“What Brain Networks Can Tell Us About Brain Function”
by Olaf Sporns
Date: 6 April 2021, Tuesday
Place: Zoom Meeting
Networks (connectivity) and dynamics are two key pillars of network neuroscience – an emerging field dedicated to understanding structure and function of neural systems across scales, from neurons to circuits to the whole brain. In this presentation I will review current themes and future directions, including structure/function relationships, use of computational models to map information flow and communication dynamics, and a novel edge-centric approach to functional connectivity. I will argue that network neuroscience represents a promising theoretical framework for understanding the complex structure and functioning of nervous systems.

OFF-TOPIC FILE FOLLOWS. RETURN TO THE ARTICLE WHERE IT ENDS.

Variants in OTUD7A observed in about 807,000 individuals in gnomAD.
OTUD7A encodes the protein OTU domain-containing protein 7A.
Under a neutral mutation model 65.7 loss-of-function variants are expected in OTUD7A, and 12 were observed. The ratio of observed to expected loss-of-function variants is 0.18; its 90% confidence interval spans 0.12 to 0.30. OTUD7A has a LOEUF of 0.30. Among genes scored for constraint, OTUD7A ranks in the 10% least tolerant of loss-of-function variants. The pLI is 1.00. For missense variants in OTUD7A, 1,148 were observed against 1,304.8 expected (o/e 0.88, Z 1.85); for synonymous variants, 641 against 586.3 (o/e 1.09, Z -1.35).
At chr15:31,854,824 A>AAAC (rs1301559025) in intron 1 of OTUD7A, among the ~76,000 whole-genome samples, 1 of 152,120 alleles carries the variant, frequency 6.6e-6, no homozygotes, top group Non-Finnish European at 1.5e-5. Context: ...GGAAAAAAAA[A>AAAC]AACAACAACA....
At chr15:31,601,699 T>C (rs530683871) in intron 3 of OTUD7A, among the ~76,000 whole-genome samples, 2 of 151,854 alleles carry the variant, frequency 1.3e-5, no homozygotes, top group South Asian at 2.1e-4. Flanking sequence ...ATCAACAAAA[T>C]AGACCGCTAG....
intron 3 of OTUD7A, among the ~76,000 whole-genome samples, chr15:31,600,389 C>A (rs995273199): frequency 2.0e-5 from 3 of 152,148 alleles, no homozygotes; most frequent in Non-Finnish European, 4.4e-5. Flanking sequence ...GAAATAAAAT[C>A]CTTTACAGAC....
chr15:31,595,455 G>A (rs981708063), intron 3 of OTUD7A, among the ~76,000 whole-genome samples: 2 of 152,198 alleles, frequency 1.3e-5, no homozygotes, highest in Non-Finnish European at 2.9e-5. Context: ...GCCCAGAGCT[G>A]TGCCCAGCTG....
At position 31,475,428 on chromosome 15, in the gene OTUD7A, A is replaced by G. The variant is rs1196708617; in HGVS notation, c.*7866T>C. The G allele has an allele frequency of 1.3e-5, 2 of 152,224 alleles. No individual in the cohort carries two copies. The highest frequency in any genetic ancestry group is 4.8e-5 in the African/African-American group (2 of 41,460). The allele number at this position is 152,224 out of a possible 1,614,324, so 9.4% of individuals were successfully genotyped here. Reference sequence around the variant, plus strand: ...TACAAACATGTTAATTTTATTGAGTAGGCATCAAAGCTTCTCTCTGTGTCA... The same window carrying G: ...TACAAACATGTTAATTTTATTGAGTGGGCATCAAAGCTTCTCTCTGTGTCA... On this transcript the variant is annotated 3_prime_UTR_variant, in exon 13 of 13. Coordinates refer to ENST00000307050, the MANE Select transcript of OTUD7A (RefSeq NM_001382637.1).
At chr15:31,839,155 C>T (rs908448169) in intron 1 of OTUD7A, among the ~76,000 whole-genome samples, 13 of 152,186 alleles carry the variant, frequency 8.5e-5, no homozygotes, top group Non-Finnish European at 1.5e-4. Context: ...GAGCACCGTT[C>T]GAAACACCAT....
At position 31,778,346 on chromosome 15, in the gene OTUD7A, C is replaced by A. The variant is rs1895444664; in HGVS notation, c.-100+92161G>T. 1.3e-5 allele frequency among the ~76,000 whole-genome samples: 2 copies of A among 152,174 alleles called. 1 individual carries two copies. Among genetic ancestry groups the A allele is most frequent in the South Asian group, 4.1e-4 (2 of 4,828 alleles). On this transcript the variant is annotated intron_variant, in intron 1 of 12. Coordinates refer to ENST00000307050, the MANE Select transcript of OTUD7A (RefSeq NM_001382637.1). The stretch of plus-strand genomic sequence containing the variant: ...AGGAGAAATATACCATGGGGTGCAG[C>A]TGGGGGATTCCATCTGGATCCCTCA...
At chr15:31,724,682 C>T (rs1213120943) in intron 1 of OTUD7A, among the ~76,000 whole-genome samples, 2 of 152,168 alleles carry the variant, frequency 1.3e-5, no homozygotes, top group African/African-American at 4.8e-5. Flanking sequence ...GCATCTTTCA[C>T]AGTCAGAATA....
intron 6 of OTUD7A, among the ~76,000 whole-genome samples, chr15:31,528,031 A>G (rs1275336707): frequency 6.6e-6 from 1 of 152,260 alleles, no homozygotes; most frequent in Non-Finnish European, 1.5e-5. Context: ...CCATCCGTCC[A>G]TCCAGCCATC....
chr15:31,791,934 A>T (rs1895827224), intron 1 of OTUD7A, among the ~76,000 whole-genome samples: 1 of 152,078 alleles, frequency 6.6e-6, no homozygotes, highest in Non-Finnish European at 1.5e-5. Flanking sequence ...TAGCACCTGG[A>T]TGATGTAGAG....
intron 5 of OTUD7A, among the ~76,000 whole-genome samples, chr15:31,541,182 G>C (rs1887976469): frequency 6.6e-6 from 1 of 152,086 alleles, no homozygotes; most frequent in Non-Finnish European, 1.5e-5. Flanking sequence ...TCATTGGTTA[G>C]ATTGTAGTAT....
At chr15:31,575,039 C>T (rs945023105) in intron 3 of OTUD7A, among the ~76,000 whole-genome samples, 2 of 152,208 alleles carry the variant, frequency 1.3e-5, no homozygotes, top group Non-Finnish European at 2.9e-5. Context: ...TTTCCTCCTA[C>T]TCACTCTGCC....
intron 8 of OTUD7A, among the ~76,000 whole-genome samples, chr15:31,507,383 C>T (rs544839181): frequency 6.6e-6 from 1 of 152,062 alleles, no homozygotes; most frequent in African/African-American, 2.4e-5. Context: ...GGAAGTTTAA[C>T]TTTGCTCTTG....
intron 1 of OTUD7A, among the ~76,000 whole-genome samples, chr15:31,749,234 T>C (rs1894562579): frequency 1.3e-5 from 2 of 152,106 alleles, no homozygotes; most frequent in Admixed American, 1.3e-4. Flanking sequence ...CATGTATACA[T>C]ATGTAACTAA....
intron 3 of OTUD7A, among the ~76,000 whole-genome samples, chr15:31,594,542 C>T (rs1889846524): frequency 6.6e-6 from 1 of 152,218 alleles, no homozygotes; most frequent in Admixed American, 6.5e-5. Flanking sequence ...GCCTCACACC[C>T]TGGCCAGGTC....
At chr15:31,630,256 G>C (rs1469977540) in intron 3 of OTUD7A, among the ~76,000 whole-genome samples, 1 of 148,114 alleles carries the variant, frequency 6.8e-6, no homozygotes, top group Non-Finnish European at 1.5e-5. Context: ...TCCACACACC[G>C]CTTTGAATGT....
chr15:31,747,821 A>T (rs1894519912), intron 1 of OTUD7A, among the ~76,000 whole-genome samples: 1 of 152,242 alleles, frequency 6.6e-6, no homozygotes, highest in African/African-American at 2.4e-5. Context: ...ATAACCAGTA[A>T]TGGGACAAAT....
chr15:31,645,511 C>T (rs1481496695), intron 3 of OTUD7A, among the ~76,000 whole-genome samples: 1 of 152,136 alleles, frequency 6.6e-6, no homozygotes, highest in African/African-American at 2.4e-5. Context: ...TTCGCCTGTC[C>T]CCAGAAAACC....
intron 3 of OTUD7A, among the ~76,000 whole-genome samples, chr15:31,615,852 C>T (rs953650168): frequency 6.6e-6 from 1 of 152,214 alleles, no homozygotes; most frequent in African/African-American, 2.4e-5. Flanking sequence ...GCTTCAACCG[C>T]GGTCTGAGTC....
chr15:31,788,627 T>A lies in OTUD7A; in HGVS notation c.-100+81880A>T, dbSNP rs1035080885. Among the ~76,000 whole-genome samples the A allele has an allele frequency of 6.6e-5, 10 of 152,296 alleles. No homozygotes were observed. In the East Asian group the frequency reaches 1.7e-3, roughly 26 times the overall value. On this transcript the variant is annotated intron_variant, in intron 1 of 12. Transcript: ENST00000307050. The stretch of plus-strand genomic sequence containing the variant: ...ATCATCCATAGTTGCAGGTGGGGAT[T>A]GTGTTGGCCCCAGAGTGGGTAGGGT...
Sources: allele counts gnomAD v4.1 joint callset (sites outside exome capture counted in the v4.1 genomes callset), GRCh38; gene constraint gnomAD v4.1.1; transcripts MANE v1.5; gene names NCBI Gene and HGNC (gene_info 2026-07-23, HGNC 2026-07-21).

About the Speaker: After receiving a bachelor’s degree in biochemistry, Olaf Sporns earned a PhD in Neuroscience at Rockefeller University and conducted postdoctoral work at The Neurosciences Institute in New York and San Diego. Currently he is the Robert H. Shaffer Chair, a Distinguished Professor, and a Provost Professor in the Department of Psychological and Brain Sciences at Indiana University in Bloomington. Sporns holds adjunct appointments in the School of Informatics, Computing and Engineering, and in the School of Medicine. His main research area is theoretical and computational neuroscience, with a focus on complex brain networks. In addition to over 250 peer-reviewed publications he has written two books, “Networks of the Brain” and “Discovering the Human Connectome”. He is the Founding Editor of “Network Neuroscience”, a journal published by MIT Press. Sporns received a John Simon Guggenheim Memorial Fellowship in 2011, and the Patrick Suppes Prize in Psychology/Neuroscience, awarded by the American Philosophical Society, in 2017. He is a Fellow of the American Association for the Advancement of Science and the Society of Experimental Psychologists and of the Society of Experimental Psychologists. Homepage: http://www.indiana.edu/~cortex